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Tribland 4-H'ers learn the exquisite art of giving

As the people of Ukraine continue to struggle amid a brutal invasion of their country by neighboring Russia, some Tribland 4-H’ers are taking up not arms, but eggs to offer support.

A group of 4-H members, parents and leaders from Franklin and Kearney counties recently learned to make pysanky, or decorated Ukrainian Easter eggs. Now, they are offering their work through an online auction to raise money for rebuilding efforts in rural Ukraine.

Through Aug. 5, 16 of the ornately decorated pysanky will be up for sale in the online-only auction hosted by Rhynalds Auction and Realty of Minden.

The pysanky were decorated during a Kidz Kollege 4-H workshop in mid-June under the direction of Grace Adam of Wilcox, an award-winning practitioner of the venerated Ukrainian art form, who explained the process and showed those in attendance a number of the eggs she has completed herself.

Kidz Kollege is a series of 4-H project workshops conducted in Minden and Franklin over a week’s time. The Kearney and Franklin county 4-H programs are yoked for programming under the leadership of Rhonda Herrick, a Nebraska Extension youth development educator who serves as unit leader, or top extension administrator, in both counties.

“Grace Adam’s are absolutely astounding,” said Carrie Soucie of Upland, a Franklin County 4-H leader who took part in the workshop along with her daughter Annaclaire. “They’re so beautiful.”

Pysanky are real chicken eggs gathered on the farm and decorated while the yolk remains inside, making them heavier and easier to handle.

The decorating process consists of multiple cycles in which beeswax is loaded into a type of hot wax pen called a kistka, then melted over an open flame and drizzled onto the egg in a pattern the artist draws. After that, the egg is dyed.

That cycle is repeated time after time until the artist judges the pattern and color on the egg to be final. Then, the egg is heated to melt all the applied dry wax so it can be cleaned away, leaving only the lines behind.

Finally, the yolk is removed from the eggs and the eggs are coated with polyurethane to protect them.

The internet describes the pysanky art process as a form of batik, or wax-resist dyeing, which also is done to textiles.

Herrick said it’s specified that the eggs to be used come directly from the farm and not have undergone the kind of cleaning necessary to sell them in a grocery store. All the eggs the 4-H’ers used had white shells.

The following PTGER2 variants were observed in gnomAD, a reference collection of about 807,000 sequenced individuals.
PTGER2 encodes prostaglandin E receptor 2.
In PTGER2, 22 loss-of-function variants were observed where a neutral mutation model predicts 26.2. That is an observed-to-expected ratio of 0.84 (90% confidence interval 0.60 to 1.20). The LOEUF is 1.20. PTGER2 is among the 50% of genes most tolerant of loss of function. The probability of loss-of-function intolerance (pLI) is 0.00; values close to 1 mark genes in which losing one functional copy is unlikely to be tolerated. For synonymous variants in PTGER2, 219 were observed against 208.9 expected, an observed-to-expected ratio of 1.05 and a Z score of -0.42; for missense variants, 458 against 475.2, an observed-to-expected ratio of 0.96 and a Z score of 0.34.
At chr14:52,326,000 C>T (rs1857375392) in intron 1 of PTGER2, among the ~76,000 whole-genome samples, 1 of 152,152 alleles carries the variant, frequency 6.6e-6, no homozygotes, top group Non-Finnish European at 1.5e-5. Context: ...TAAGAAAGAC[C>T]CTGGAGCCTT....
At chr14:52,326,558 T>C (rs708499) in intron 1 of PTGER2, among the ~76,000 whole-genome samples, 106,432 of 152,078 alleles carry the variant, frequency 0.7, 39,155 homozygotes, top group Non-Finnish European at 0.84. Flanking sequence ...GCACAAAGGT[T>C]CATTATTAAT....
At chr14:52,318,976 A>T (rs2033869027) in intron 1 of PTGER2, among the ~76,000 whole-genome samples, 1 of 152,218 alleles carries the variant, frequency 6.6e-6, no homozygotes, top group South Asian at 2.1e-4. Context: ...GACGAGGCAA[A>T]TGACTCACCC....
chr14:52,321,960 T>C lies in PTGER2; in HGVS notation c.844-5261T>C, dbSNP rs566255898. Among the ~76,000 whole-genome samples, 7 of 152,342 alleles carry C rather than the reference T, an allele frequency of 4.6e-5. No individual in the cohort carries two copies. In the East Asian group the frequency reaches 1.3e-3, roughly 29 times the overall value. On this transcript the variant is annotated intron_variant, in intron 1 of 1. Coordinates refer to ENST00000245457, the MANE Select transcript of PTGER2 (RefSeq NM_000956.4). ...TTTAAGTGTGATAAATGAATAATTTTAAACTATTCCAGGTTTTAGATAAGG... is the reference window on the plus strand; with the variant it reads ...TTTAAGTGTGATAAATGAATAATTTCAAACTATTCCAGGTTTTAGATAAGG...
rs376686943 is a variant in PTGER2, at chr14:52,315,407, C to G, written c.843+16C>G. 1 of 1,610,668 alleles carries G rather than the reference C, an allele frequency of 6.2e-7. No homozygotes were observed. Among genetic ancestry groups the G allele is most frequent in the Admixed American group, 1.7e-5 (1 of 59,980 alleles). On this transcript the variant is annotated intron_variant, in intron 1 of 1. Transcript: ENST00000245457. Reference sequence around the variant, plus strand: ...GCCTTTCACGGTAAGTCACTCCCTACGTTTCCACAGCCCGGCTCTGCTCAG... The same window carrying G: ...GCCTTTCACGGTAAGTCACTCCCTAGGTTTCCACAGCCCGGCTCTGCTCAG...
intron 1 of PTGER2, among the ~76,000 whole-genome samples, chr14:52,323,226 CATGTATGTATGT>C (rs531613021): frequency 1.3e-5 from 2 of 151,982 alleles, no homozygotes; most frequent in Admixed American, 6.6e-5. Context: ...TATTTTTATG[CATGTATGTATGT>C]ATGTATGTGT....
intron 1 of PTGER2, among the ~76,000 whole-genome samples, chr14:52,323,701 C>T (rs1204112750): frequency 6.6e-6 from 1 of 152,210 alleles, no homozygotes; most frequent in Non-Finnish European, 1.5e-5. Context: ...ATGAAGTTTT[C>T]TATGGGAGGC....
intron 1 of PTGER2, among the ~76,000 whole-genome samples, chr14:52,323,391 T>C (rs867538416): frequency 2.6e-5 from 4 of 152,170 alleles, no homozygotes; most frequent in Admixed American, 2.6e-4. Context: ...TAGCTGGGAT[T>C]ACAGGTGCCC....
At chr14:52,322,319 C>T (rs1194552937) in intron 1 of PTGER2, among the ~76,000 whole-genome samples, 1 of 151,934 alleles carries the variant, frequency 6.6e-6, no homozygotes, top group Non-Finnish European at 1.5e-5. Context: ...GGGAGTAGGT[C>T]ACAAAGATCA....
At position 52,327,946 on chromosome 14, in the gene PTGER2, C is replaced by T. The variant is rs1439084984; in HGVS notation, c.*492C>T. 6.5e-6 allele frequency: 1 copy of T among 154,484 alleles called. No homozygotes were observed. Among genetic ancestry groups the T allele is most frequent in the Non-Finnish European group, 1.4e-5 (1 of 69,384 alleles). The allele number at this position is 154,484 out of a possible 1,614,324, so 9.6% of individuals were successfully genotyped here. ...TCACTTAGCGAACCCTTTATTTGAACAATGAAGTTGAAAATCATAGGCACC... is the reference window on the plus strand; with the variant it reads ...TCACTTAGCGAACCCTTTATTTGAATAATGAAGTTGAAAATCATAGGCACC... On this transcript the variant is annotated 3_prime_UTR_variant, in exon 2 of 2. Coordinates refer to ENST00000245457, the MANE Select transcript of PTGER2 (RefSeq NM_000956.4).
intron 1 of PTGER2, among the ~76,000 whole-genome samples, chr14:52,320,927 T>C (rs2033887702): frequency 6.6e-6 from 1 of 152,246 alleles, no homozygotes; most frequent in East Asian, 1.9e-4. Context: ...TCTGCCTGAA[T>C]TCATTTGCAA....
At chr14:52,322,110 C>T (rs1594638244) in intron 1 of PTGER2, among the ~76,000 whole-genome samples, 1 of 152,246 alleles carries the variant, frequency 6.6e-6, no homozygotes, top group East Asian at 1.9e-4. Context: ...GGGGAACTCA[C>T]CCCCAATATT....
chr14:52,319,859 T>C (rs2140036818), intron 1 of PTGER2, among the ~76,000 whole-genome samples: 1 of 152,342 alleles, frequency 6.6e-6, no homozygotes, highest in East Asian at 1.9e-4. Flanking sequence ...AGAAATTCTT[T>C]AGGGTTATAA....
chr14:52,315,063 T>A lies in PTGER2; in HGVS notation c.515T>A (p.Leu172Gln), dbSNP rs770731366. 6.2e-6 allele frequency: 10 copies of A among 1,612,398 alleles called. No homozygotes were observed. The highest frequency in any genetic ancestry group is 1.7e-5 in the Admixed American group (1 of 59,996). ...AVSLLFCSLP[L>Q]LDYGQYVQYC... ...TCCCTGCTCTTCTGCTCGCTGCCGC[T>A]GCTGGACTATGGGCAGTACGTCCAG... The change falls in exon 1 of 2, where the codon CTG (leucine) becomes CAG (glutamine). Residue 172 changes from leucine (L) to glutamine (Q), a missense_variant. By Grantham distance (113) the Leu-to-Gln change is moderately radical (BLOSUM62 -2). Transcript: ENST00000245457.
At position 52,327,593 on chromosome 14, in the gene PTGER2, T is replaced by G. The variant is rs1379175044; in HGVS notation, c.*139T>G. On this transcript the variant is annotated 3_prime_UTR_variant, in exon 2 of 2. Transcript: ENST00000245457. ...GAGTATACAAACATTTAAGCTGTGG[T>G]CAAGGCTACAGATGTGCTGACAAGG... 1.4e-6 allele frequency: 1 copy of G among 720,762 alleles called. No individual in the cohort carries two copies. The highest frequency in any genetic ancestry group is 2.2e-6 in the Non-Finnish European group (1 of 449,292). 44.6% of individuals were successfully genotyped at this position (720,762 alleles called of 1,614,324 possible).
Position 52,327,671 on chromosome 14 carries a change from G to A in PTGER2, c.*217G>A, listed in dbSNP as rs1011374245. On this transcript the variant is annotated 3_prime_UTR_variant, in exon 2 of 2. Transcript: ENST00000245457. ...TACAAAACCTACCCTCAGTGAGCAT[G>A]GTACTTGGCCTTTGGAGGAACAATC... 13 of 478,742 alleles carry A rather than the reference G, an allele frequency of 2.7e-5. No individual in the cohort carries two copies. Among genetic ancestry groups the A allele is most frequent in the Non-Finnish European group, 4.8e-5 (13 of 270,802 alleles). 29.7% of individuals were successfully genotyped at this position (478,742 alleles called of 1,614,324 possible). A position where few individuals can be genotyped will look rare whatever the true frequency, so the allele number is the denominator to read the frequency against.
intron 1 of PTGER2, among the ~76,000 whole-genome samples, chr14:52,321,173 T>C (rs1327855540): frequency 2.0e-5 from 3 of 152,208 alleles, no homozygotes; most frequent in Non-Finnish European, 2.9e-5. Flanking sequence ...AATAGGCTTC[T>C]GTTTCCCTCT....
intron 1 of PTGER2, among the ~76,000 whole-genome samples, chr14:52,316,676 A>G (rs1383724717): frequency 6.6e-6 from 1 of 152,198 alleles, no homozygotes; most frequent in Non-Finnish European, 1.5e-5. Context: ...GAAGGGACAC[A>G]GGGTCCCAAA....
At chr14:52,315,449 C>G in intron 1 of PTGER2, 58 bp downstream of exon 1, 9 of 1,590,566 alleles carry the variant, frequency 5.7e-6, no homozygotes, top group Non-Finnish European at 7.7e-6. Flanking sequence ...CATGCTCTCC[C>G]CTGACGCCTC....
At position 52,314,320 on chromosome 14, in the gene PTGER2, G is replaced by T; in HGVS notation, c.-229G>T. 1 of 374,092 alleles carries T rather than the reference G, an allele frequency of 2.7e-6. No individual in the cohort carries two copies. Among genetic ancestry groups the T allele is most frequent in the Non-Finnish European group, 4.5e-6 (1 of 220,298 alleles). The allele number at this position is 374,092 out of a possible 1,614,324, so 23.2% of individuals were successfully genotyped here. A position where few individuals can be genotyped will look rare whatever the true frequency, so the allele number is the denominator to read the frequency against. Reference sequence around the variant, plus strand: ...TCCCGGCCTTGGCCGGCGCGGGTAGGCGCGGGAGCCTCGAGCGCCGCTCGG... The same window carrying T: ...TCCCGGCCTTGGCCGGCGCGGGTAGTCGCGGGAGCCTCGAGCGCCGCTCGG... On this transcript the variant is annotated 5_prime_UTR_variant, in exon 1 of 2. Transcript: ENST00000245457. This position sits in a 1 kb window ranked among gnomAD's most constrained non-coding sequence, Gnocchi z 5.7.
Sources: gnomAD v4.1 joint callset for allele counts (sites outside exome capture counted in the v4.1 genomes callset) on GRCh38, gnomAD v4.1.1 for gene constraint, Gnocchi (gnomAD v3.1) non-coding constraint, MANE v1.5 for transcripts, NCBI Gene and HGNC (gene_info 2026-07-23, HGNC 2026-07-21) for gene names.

“I think some of ours were dyed three times,” she said.

The 4-H’ers’ waxing and dyeing was completed in about three hours. Then, Adam took the eggs home with her and completed the rest of the steps herself.

“That was a lot longer process,” Herrick said.

The 4-H’ers all made two pysanky — one to show in the fair and another to contribute to the online auction. All the adults present also got to decorate an egg.

While it’s obvious the 4-H’ers and adults are new to the art form and their work doesn’t compare to Adam’s, Herrick said, each egg is beautiful and unique in its own way.

“They’re not perfect, but they’re still beautiful,” she said. “That’s what’s cool about it, I think.”

Krystal Fickenscher, 11, of Axtell was one of the 4-H’ers to participate in the pysanky workshop.

She said those in attendance were given instructions to follow in decorating the first egg, but could diverge from that plan for the second egg.

“At the start it was kind of tricky because you have shaky hands and don’t really know what you’re doing,” said Krystal, who will be in sixth grade this fall at Axtell Community School and belongs to the Keene Kids 4-H Club in Kearney County. “But as you get used to it, it gets easier and you go faster.”

The 4-H’ers could enter their eggs as either a Design Decisions (home décor) project or as a citizenship cultural arts project in the fair. Krystal went the citizenship route, so her project includes a written report on the significance of pysanky eggs in Ukrainian culture — significance that predates Christianity or the celebration of Easter.

“The pysanky eggs used to symbolize nature’s rebirth,” she said. “But when Christianity was introduced to Ukraine, it was changed to symbolize the rebirth of man.”

An idea hatches, and God leads

Herrick said the idea for the pysanky project began to form in March, not long after the Russian invasion of Ukraine began, when she was visiting a third-grade classroom at Wilcox-Hildreth Elementary School to do an embryology project with the students there.

In the classroom, Herrick noticed a beautifully decorated egg on display and learned it had been made by a student named Truly Adam, who is Grace Adam’s granddaughter.